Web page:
This author’s writing style and her great sense of humour will definitely be a big hit with the kids and also with grandparents. I love the twist Ellis puts on her book. She accomplishes this by telling a story that does not in any way match the illustrations. The reader’s attention is captured immediately because he realizes that something is different about this book, something isn’t quite right. The drawings are funny, exaggerated, and colourful, all the ingredients that kids love to see in a book. I’m a grandparent and I laughed right along with my grandchildren as we read the story. The ending is priceless. On the last page, the illustrations finally match the words. What an entertaining book for both the young and the young at heart.
I have always loved being around children, first as a primary school teacher, then as a parent and now as a grandma. The love, laughter, humour, and fun that I share with my grandkids keep me young in mind, body, and soul. My story is about the wonderful adventures we have. There is nothing more rewarding than seeing the world through the eyes of a child and I am enjoying every minute of it.
Claire, Andrew, and Griffin are excited about their sleepover at Grandma and Grandpa’s farm. Laughter, humour, and fun are always in abundance when they visit and they can’t wait to get there. But who is the biggest kid? Well, it is Grandpa who misbehaves a lot much to the delight of the children and to the frustration of Grandma. When bedtime arrives, Grandma is ready for everyone to settle down for the night but Grandpa has other ideas. Sleep is not his idea of fun so Grandpa and his antics make sure that the sleep is over before it has even begun.
From Peggy's list on for budding birders.
This is a fictional story about a boy searching for his Gramps’s favorite bird during the Christmas Bird Count.
I’m sure there are many young readers who don’t think they know enough to participate in something so grand as the Christmas Bird Count. But I’m confident that this book will reassure them that they know more than they think as they confidently identify the birds deftly illustrated by Maria Luisa Di Gravio. Lisa Amstutz, the author, has also included in the backmatter a birding checklist to get little bird nerds started. I think this story will inspire a lot of families to start their own birding tradition.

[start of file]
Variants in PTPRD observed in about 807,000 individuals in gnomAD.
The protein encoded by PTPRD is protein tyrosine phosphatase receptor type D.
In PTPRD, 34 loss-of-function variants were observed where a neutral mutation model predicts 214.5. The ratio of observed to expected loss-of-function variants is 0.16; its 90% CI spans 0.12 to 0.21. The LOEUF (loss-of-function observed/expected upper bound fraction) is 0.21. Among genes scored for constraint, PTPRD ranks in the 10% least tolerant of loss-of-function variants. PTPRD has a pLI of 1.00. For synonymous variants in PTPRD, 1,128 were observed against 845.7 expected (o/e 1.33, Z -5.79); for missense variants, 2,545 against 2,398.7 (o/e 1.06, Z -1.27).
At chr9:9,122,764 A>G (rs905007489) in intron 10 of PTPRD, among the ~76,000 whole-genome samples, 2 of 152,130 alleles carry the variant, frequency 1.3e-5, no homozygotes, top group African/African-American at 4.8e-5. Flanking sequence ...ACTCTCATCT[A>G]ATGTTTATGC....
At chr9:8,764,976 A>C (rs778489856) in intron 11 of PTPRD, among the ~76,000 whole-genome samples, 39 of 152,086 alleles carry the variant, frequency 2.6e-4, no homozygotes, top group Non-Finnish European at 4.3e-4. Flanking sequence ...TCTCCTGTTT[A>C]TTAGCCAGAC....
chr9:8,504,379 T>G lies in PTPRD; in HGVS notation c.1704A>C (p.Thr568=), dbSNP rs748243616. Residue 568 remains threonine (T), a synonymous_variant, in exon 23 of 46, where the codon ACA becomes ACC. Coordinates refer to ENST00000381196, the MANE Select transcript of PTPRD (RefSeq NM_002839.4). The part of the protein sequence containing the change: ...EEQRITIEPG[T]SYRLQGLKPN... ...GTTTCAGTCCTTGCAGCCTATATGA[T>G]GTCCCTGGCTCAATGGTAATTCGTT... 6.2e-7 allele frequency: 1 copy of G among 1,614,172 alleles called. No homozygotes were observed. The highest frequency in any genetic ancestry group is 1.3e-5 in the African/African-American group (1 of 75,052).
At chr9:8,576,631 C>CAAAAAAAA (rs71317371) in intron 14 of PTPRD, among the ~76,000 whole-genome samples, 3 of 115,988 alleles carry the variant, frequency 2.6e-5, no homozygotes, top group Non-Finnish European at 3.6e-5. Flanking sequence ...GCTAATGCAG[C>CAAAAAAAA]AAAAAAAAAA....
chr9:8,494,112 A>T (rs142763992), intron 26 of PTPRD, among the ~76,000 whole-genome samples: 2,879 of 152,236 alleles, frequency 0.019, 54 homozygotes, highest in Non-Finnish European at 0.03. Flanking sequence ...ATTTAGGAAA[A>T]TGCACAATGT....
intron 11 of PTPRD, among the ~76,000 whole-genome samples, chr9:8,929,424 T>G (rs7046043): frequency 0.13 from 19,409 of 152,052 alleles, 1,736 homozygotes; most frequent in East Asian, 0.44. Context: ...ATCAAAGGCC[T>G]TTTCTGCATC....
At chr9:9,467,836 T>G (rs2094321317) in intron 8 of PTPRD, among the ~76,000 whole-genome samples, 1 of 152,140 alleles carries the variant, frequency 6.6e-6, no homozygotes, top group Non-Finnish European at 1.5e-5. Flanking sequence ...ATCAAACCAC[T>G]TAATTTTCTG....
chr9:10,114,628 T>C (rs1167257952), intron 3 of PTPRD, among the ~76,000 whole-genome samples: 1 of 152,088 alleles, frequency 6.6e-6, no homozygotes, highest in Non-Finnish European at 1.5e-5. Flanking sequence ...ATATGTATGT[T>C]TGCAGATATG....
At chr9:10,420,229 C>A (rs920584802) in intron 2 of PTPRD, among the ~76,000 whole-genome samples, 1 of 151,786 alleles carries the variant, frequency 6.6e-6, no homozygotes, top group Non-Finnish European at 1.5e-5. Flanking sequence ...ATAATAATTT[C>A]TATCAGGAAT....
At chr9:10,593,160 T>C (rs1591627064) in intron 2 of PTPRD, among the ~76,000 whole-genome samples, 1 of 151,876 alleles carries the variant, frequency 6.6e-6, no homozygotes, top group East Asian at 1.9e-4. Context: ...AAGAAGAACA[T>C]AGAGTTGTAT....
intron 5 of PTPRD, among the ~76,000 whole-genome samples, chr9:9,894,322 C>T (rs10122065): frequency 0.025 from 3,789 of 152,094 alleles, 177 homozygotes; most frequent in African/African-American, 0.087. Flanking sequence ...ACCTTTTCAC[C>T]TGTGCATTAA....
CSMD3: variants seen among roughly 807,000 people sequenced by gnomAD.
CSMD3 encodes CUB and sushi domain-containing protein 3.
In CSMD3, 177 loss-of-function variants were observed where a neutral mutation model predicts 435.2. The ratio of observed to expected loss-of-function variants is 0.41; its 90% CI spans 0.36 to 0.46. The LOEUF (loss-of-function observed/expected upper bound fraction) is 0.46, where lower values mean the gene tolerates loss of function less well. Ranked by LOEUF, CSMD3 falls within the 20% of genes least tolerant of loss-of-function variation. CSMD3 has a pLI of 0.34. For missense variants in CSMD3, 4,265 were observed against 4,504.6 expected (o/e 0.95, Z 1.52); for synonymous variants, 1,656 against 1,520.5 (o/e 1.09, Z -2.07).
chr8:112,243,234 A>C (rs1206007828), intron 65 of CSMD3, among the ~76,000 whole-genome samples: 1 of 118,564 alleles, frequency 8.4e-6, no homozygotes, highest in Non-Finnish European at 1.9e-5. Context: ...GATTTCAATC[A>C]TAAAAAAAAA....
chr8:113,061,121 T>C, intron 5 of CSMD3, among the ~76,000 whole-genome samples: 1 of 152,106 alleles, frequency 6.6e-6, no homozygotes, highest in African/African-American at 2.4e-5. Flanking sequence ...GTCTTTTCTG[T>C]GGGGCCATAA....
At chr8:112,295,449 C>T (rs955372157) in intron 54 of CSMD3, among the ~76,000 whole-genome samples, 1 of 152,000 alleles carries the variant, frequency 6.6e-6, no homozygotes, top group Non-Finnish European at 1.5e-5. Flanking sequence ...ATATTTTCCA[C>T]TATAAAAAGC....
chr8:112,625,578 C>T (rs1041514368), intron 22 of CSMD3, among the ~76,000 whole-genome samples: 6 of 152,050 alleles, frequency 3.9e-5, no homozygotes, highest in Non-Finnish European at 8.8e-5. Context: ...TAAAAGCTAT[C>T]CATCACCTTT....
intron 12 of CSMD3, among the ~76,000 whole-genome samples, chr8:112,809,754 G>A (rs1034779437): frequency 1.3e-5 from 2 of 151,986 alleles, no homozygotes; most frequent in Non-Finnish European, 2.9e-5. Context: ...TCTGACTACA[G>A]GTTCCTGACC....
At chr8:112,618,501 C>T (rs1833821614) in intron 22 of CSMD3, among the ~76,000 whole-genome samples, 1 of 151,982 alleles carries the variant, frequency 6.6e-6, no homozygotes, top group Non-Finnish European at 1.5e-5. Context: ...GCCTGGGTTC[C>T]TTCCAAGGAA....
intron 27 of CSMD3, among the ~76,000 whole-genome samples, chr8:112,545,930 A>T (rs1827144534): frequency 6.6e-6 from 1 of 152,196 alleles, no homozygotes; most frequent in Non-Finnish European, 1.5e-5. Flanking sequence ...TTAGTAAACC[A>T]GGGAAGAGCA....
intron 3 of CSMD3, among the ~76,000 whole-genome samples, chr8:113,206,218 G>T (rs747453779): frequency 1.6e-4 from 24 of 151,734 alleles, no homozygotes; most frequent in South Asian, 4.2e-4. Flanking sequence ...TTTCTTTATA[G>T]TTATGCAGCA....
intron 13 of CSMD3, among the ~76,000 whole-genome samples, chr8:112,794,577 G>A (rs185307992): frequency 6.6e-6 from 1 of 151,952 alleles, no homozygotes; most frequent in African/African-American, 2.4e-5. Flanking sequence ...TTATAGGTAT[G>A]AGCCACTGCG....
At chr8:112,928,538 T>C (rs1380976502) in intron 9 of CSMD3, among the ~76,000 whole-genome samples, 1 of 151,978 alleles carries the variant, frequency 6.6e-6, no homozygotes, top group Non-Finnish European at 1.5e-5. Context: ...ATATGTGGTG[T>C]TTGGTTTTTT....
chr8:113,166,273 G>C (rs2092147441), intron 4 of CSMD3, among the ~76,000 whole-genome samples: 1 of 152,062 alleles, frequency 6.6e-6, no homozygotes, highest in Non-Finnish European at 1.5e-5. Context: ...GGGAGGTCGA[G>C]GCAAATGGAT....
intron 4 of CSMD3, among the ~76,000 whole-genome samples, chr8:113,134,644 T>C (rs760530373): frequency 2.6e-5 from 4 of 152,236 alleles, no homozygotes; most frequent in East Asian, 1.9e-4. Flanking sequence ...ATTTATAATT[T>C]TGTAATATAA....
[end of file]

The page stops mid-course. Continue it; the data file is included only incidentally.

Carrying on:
I’ve always loved birds, especially the red-winged black birds; their song was the first I learned to recognize as a kid. My first field guide was written by Roger Tory Peterson, and through that book and many others I’ve learned about the amazing world around us. Now, as a children’s nonfiction author, I get to share similar stories with young readers through my books and at school presentations. And as a writing instructor, I collect well-crafted and well-researched nonfiction, and use them to encourage budding children’s writers at workshops, in blog posts for the Nonfiction Ninjas, and as co-host of the annual Nonfiction Fest that celebrates true stories for children.
Some kids called him “Professor Nuts Peterson,” but Roger didn’t care. He was all about the birds. He watched birds. He drew birds. He hung over cliffs to photograph birds. And when he created his first Peterson Field Guide, Roger inspired millions of people to become bird watchers, too.
Working closely with the Roger Tory Peterson Institute, Thomas and Jacques have created the first children’s biography of the world-famous naturalist who revolutionized the way we look at, study, and appreciate animals, plants, and birds.
From Bob's list on featuring girls who are overcomers.
It’s a Newberry Award winner, so you know something good is going on here. I must admit, there have been some duds over the many years of the award, but in this case, the writing, the story, and the characters, really do warrant the accolade. Salamanca (Sal) Tree Hiddle is the heroine and voice here. She’s proud of her American-Indian heritage and country roots. She’s on a journey across country from Ohio to Idaho to find her mother. Her somewhat eccentric grandparents are her companions and as they travel Sal tells them the story of another girl, Phoebe Winterbottom, so we have a story within a story. You like a great, realistic, meaningful ending? Me too! You’ll find it here.
I was an elementary classroom teacher for more than thirty years and my favorite thing to do with my students was “read alouds,” which of course meant I got to read a lot of books. Then I read them to my kids and now my grandkids. I always wanted to read the best because time is so precious in a classroom. My daughter was born very premature and only survived thanks to God and her innate feistiness. She is an overcomer and inspires me to share similar stories. Of the books I’ve written for kids, 2 of the 3 protagonists are girls!
Change, while challenging, often drives personal growth, as 13-year-old Andrea discovers. When her father announces the family is relocating to Scotland for a year, Andrea fears her new schoolmates will uncover her secret: She stutters. At home in the States, Andrea’s stellar soccer skills and occasional use of her fists have enabled her to suppress her insecurities. At Dunnotar Academy, Andrea faces the dual stressors of new surroundings and social situations. A place on the Tough Girls Football Club soccer team seems a perfect opportunity for Andrea to rely on familiar strategies to conceal her speech issues. However, a blossoming friendship with a less popular girl and a fledgling romance give Andrea the courage to confront her anxieties. Andrea can literally stay quiet and fit in or risk all by speaking up for herself and others.